The two biggest stories of this MLB draft class are: (1) Wow! this is son [notable big leaguer]; and (2) the advantage of four players in the preparatory position at the top. These two issues intersect as the predicted top two picks below are the sons of Andrew Jones and Matt Holliday. Also in the first-round prediction are Carl Crawford’s sons, eight-year-old major leaguer Lou Collier and 10-year-old NFL tight end Eric Green.

On the other hand, the number of college pitches is the worst in recent memory: there are no candidates who could get a full slot in the top 15-20. With voracious hungry teams having to create major league-ready pitching depth, many college pitchers will be in the first round, so that’s where draft rules come into play. Teams have a suggested amount of slots at each pick that starts negotiations, and those slots add up to the total amount of the pool the team has to spend on the draft. Just as the more analytical clubs in the NFL sell down when given the chance, many Major League Baseball clubs make the decision to go into the slot and get money in the pot for later picks.

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So if your first pick goal is to get a fast-moving college pitcher, and that’s likely to be cost-saving, then the competition for the top high school players to slip into the 2nd round will become more intense. Add to that dynamic that the riskiest demographic, high school pitchers, is exceptionally deep this year, and there are at least eight pitchers recovering from Tommy John surgery who are top two rounds. Together, this means that no matter how teams choose to spend their first-round pick savings, there will be more options than usual and more money will float after the first round, which is likely to continue into the third and fourth rounds.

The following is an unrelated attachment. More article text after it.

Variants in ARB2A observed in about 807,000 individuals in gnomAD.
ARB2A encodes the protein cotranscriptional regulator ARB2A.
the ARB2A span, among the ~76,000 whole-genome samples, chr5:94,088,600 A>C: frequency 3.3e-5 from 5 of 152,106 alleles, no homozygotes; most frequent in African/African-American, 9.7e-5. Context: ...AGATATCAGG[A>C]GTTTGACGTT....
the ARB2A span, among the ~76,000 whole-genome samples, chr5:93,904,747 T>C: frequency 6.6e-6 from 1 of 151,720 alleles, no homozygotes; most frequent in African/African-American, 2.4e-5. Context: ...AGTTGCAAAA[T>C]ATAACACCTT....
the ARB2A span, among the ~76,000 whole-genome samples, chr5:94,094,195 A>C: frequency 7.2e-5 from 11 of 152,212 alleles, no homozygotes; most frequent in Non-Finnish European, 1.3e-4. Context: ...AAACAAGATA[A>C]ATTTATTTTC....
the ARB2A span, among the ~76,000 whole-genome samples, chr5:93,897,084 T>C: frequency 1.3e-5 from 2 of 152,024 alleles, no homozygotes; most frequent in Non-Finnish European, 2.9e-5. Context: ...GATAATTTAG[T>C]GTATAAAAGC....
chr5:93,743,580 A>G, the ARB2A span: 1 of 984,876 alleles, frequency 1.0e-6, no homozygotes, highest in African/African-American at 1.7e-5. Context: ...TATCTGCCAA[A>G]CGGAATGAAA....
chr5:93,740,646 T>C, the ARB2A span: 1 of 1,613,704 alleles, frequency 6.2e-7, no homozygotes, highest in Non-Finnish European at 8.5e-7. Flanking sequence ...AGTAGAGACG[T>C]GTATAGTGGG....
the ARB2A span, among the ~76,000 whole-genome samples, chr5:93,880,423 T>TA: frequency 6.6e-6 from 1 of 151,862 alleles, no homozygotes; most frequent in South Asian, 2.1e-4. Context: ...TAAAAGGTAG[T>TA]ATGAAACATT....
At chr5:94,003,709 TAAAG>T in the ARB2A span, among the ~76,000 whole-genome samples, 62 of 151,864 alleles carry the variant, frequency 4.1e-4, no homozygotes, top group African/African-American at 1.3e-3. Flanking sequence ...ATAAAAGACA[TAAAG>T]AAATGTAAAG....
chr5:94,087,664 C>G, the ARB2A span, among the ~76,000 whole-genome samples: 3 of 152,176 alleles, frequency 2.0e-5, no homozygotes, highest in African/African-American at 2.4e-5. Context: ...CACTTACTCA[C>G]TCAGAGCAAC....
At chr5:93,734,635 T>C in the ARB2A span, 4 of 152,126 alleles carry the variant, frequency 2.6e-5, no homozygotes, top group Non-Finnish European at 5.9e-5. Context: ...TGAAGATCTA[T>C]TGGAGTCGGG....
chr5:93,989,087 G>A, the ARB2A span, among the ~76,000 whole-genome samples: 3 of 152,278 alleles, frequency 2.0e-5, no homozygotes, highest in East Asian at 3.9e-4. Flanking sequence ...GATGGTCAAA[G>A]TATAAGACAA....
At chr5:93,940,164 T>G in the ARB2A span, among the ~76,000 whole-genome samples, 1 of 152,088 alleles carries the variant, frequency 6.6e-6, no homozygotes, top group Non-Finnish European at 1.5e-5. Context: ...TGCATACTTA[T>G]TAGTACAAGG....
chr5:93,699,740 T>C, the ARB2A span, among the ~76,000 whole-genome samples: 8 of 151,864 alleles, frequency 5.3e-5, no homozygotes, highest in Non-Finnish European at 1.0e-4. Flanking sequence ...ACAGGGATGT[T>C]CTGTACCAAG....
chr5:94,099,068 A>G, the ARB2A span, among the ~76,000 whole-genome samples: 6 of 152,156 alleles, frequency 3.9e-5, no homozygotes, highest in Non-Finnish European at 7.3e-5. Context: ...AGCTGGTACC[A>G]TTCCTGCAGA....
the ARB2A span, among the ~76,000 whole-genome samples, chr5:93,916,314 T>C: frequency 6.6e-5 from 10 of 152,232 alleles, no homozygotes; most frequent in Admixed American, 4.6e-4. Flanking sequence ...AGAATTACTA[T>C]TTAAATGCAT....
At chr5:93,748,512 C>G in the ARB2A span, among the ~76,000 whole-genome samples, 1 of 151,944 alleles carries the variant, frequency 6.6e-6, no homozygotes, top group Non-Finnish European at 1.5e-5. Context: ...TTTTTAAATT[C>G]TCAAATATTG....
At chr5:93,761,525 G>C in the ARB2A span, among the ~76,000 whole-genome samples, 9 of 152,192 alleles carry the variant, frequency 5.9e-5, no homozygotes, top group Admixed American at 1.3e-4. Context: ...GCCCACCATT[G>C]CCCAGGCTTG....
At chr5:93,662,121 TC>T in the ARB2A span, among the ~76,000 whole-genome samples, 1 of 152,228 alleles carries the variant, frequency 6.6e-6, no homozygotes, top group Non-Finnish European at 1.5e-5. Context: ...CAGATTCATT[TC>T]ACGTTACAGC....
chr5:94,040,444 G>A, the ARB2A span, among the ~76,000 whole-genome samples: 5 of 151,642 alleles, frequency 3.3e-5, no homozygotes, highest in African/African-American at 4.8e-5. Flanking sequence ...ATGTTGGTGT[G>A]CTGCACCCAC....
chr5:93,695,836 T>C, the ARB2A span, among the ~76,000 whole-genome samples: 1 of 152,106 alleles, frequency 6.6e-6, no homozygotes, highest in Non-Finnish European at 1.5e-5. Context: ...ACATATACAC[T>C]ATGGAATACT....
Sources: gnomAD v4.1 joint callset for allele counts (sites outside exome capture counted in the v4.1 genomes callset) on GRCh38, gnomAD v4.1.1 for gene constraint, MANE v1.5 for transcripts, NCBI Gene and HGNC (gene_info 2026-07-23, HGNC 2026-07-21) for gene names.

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All in all, it looks like a bad draft class because a cropping college has no chance of winning an All-Star game and may not have a top 10 pitcher after Dylan Lesko had Tommy John surgery. last month. These conditions seem ideal for complete chaos in the first round, especially after the top 10 picks, with potentially multiple seven-figure picks below the slot and a number of big deals in rounds 2, 3 and beyond. Currently, the focus of many clubs is on the handicap of rival clubs vying for a place in the later rounds.

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Because I know people will ask their names or just press CTRL+F, I didn’t accidentally leave out Tennessee pitcher Ben Joyce or former right-hander Vanderbilt Kumar Rocker from this projection. I think Rocker could be in the 40-60 range or maybe in the third round, but his independent league run (which should start soon) will have some bearing on that. I think that Joyce will enter the 80th peak, but is unlikely to make it to the 41st peak, which I include in this forecast. Most scouts consider him to be in the third round of talent, so he will likely be in the slot below when/if he goes to the second round.